David Bisset may have been the first person to coin the term “Armchair WordCampers”, referring to those who live vicariously through WordCamp attendees via Twitter. The concept sparked an idea for him and he decided to create WP Armchair for this very audience.
His first version was actually created for the WordPress 10th Anniversary, a site he collaborated on with the WordPress Foundation.
Bisset is a WordPress and BuddyPress developer. He also helps to organize WordCamp Miami. The inspiration for creating WP Armchair came from his experiences as an organizer and an attendee at WordCamps.
I monitor WordCamps and conferences via Twitter hashtags and simply thought there was a better way. I notice that a lot of people are interested in monitoring conference activity as well. Even those that attend conferences – I see many of them with their laptops open to Tweetdeck or some Twitter client. I figured there should be a better way, especially since social networks like Instagram are becoming more popular.
On top of that, as a WordPress developer, I wanted the solution running on WordPress. And instead of passively showing pictures and tweets, the site would naturally store these as custom post types. So it serves as an archive of the conference.
In a way, the WP Armchair websites are chronicling the history of these WordPress events as seen through their respective hashtags on Twitter, Instagram, Vine and Flickr. Right now, each event is a separate site but Bisset said that he’s likely to combine them all into a multisite installation somewhere in the near future.
When WP Armchair monitored WordCamp San Francisco the site was able to aggregate 1,600 tweets and 1,020 photos. For WordCamp Europe, the site captured even more – in the end it was 4,223 tweets and 1,500 photos. WordPress fans monitoring from afar were able to get a taste of how awesome these events were and perhaps even resolve to attend next year.
What Plugins Make WP Armchair Work?
If you visit any of the WP Armchair sites you’ll see support for videos, pictures, embedded tweets, post favoriting and more. There’s a lot going on behind the scenes to bring all of this event information into the site.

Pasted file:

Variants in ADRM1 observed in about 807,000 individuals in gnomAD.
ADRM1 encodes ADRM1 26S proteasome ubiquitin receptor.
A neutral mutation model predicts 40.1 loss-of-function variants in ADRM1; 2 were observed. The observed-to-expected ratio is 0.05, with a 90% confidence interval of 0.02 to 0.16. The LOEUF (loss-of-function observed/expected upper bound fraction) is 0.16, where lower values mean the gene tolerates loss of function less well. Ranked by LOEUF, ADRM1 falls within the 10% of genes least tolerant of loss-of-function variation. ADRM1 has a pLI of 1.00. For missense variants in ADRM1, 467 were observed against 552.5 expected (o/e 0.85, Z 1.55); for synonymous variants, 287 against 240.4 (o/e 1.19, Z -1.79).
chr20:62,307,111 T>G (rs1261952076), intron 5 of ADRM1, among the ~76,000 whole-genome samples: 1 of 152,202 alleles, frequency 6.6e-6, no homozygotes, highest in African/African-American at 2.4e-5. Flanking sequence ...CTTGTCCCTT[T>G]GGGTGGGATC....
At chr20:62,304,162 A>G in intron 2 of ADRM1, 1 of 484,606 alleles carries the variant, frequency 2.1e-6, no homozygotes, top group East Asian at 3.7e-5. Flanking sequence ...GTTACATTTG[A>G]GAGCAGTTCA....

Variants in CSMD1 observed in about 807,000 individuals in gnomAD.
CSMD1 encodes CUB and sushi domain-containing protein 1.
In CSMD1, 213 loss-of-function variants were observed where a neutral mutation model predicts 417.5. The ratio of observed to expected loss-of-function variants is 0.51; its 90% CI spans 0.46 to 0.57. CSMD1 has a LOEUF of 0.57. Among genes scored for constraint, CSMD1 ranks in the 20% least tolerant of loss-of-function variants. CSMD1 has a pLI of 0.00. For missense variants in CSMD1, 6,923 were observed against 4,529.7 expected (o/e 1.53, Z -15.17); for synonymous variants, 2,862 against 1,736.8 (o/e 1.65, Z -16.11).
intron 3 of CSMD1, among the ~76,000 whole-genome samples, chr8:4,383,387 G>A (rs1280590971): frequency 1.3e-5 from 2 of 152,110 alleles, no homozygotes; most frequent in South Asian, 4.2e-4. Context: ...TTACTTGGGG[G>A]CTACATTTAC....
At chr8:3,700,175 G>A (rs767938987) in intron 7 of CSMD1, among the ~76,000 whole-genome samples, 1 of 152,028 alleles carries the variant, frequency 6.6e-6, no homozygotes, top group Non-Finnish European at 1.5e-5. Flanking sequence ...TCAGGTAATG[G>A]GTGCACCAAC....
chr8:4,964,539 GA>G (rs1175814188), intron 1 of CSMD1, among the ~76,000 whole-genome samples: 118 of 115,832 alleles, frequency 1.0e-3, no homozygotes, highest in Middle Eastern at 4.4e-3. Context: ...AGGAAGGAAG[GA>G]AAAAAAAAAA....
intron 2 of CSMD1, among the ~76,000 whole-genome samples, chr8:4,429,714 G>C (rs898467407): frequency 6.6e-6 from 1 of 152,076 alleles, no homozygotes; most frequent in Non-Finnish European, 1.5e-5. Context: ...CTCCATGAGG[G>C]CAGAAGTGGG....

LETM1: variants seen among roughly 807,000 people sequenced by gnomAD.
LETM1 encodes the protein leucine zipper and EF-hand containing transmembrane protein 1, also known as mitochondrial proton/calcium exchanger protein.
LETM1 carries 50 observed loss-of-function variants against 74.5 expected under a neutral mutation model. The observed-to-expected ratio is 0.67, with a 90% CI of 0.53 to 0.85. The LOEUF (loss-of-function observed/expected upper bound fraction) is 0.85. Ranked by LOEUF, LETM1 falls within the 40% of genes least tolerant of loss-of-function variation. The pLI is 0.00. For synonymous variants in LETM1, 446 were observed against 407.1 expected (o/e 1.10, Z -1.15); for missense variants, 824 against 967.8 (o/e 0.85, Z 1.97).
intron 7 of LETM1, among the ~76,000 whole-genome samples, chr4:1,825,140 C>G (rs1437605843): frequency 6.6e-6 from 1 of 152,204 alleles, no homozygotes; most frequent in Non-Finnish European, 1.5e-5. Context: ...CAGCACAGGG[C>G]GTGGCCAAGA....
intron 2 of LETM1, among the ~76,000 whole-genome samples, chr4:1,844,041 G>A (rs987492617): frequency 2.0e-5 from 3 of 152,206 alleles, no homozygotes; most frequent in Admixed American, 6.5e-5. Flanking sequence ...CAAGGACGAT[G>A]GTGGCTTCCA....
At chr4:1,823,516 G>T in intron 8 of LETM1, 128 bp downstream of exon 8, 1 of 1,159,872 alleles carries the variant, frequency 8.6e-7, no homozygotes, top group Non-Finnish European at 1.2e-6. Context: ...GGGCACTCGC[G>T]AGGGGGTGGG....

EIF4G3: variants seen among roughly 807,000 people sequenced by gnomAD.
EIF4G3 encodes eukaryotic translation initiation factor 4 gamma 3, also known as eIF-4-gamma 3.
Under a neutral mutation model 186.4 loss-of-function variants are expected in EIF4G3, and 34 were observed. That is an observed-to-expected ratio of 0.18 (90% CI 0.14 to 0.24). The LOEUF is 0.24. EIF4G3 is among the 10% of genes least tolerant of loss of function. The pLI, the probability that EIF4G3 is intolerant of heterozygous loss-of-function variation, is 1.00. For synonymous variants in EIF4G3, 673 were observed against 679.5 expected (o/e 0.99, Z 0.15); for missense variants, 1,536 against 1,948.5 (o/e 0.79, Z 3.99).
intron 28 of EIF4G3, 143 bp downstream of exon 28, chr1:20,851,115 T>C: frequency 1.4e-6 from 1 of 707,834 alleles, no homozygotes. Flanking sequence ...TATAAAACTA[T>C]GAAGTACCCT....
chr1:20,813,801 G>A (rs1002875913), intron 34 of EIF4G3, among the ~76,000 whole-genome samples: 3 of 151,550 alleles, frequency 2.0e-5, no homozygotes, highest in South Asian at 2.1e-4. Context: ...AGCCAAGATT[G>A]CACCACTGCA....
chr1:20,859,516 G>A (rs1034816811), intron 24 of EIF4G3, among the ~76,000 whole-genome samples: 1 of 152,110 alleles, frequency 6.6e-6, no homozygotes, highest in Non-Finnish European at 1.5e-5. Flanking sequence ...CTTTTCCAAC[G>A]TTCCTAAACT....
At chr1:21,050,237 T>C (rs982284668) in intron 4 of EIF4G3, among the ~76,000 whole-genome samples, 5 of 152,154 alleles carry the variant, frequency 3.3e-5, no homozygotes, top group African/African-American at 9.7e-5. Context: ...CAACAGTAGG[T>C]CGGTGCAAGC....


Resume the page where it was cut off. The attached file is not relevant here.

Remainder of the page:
I asked Bisset to tell me about some of the important plugins he uses to make WP Armchair work and he gave us a look behind the scenes.
I wrote three plugins that scanned Twitter, Instagram, and Flickr for tweets, photos, and videos based on a hashtag and saved them as custom post types. These make up the bulk of the site, but I also used the following plugins:
Bulk Delete – comes in handy when you want to get rid of alot of tweets or instragram posts that aren’t related to the conference (maybe you used a bad keyword or hashtag). Since tweets can come in 30 or 40 at a time, this plugin does save a little bit of time.
Love It Pro – was great to drop in and give site visitors the ability to mark posts as favorites. It was a fun experiment during WordCamp San Francisco.
Gravity Forms – on some installs, it allows us to quickly get forms (surprise!) in place for user registration, so some people could upload their own photos to the site via the WordPress Mobile app or a custom form.
Search Everything – allowed the cool ability to search for tweets, instagram photos, etc that were created by a specific user or via keyword. As an example, you could search for your own name and see if anyone mentioned you on whatever social networks the WPArmchair site was scanning. Unfortunately, it looks like Search Everything isn’t being supported as of now, so I recommend switching over to SearchWP.com.
WP Armchair Theme and Plugins are GPL and Available on github
Bisset has made both the WP Armchair Theme and plugins available on his github account. He invites contribution to the project. “There are no doubt better and different ways to do what the site does, and I welcome anyone who wants to improve it,” he said.
Bisset believes that WP Armchair is a valuable resource for both those at home and those who are attending WordCamp events. It has even been used by The Front-End Design Conference, a non-WordPress event, to aggregate the references to the event on social media. Ultimately, WP Armchair is about bringing people and ideas together.
Even if you did go to the conference, you would be able to see everyone’s photos there instead of a gallery of a smaller group of photos the site admin posted a few days later. You also get to see who authored interesting tweets and potentially find new people to follow this way… people that are in theory just as motivated by WordPress as you are.
Monitoring posts from WordCamps online is by no means a replacement for actually attending the event. Realistically, you won’t be able to attend every WordCamp in the world, but WP Armchair gives you a better way to monitor online from wherever you may be. Many thanks to David Bisset for taking us behind the scenes and for creating a way for WordPress fans around the world to join in on events together.